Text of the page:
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Five Novels That Influenced Haruki Murakami's Writing

His world is not quite like ours, yet there is always a hint of the familiar. Men are often wandering loners who may have mysteries to solve or pieces of puzzles to put together. His women often form the intricate pieces of these puzzles, or they may serve as the catalysts for greater mystery, adventure and love. But of course in the Murakami world there will also always be ghosts, parallel universes, sudden shifts in the fabric of time, magic sheep, unicorn skulls, mafia, wrestlers and, well, cats. Lots of cats. All manner of cats.

Over various interviews and readings, Murakami paints himself as a much maligned man in his home country. He has often stated that the literary elite does not favour him or his works. But the fans there are ravenous, especially since the publication of Norwegian Wood in 1987 (a book that really zoned in on the weirdly common themes of young love and suicide in Japanese culture, an explosive mix that propelled him to superstardom).

Part of his rough treatment by critics at home is due to Murakami’s obvious love of America and American literature, American jazz, American movies, American baseball, you name it, and how it spills over into his work. He has a real love for American culture which is surprising in one way as he is the child of not one but two Japanese literature teachers. In another way, it really isn’t all that surprising; he wanted to break away from Japan’s homegrown post-WWII works of serious fiction and get lost in a wild open world of freedom, which he found in American literature. It became a home away from home, where adventures and genres were split and created anew with endless music, parties, sex, reinvention and revolution.

The Big Sleep

Murakami has said that this series – comprised of seven novels, including Farewell, My Lovely, The High Window and The Lady in the Lake and several shorts – was hugely influential for him. With his laid back, calm and confident manner Marlowe is the personification of American detective noir. A wise man with his own moral compass, Marlowe was the hard drinking, tough-guy private dick that spawned a thousand copycats. You can see glimpses of Chandler throughout Murakami’s oeuvre (those wispy seductive women and the many fatalistic leading men). Murakami’s love ran deep as he mentioned in an interview with The Guardian that Chandler’s protagonist may have been fictional for the American, but for Murakami he was very much a reality.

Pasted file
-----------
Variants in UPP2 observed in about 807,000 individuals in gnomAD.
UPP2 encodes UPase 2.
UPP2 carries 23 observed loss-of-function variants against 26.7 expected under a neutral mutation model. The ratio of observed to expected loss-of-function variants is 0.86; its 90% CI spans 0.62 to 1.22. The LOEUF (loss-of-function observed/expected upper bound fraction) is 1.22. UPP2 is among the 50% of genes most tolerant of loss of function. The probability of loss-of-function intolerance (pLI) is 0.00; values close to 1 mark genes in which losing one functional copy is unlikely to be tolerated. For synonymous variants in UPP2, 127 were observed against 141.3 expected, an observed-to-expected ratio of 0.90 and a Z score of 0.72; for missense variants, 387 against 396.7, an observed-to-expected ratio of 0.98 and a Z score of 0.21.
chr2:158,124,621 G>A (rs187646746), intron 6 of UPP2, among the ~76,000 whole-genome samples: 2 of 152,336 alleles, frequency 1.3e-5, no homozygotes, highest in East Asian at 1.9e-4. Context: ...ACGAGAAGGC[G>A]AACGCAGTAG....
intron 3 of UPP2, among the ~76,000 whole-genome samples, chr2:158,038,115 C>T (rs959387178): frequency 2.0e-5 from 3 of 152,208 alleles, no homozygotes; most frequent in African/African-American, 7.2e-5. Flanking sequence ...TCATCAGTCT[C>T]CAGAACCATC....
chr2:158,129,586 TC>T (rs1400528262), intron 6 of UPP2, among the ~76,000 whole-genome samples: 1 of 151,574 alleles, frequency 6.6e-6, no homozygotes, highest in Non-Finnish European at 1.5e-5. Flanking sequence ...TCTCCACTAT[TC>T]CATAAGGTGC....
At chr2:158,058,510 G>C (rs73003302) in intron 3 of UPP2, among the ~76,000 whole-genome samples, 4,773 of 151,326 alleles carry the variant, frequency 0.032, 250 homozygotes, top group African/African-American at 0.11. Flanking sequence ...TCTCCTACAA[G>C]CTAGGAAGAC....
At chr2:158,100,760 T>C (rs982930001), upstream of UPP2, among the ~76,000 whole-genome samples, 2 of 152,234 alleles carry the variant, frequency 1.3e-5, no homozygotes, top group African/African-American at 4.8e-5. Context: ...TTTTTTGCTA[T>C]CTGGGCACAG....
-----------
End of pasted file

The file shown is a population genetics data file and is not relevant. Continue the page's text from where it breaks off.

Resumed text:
The Great Gatsby (Wisehouse Classics Edition)

For a lover of American literature, how could Murakami not love Gatsby? This choice isn’t really a surprise and, in fact, it’s his favourite book of all time. He even translated it. Gatsby is stamped all over Murakami’s work. There are Jay Gatsbys and Nick Carraways everywhere. In a way Murakami’s love of American fiction could easily be distilled within the novel, there is a metaphor in there somewhere; I always imagined Murakami as the Carraway figure, wanting to be Gatsby, or in reality this metaphor translated as the Japanese writer always looking up to what he perceived as the greater literary empire, trying his best to gain access through emulation but never imitation. Was that too deep?

The Catcher in the Rye

The Catcher in the Rye is the other great American classic on this list, and again Murakami translated it and was obsessed by it, which is evident if you’ve ever read Kafka on the Shore or After Dark. It has the central young male loner, wandering day and night around New York City in the 1950s and it has its plot contrivances revolving around women be they Jane Gallagher, Sunny, or Sally Hayes. Murakami’s male protagonists are often completely at a loose end when it comes to women and I would say almost every male protagonist of Murakami’s has a little Carraway/Gatsby and a little Holden Caulfield in their DNA. 

The Castle

Murakami fell in love with the shock power of The Castle having read it when he was 15 and certainly there’s a quirky, slightly askew nature to this popular unfinished novel that permeates Murakami’s own work. The central character, K, arrives in a village governed by bureaucrats in the local castle nearby. No one is quite sure what goes on within the castle or indeed what the men governing the village actually do, but the residents have plenty of ideas. A simple flaw of theirs is in fact the reason for K’s sudden presence. Are there other flaws? K needs to know. And so do we.

The Brothers Karamazov

This is possibly the hardest to place of Murakami’s choices. The second book to break away from his American obsession, at first glance it is hard to see how, if at all, it influenced his style. There is a multitude of characters in Dostoevsky’s novel with the bulk of the book relating to the four brothers and their own families. It is a deeply personal and philosophical book and this, perhaps, is where the connection lies. There is a great deal of thought in this novel – the moral kind, the spiritual kind, the desires of man, the responsibilities and ethics of man – and all of these themes feature throughout Murakami’s novels in little bite-sized pieces. 


Shane O’Reilly has lived in Dublin all his life; that’s 34 years of memories and adventures around the city centre. While he watched as his friends emigrated during the recession, he started ... Show More


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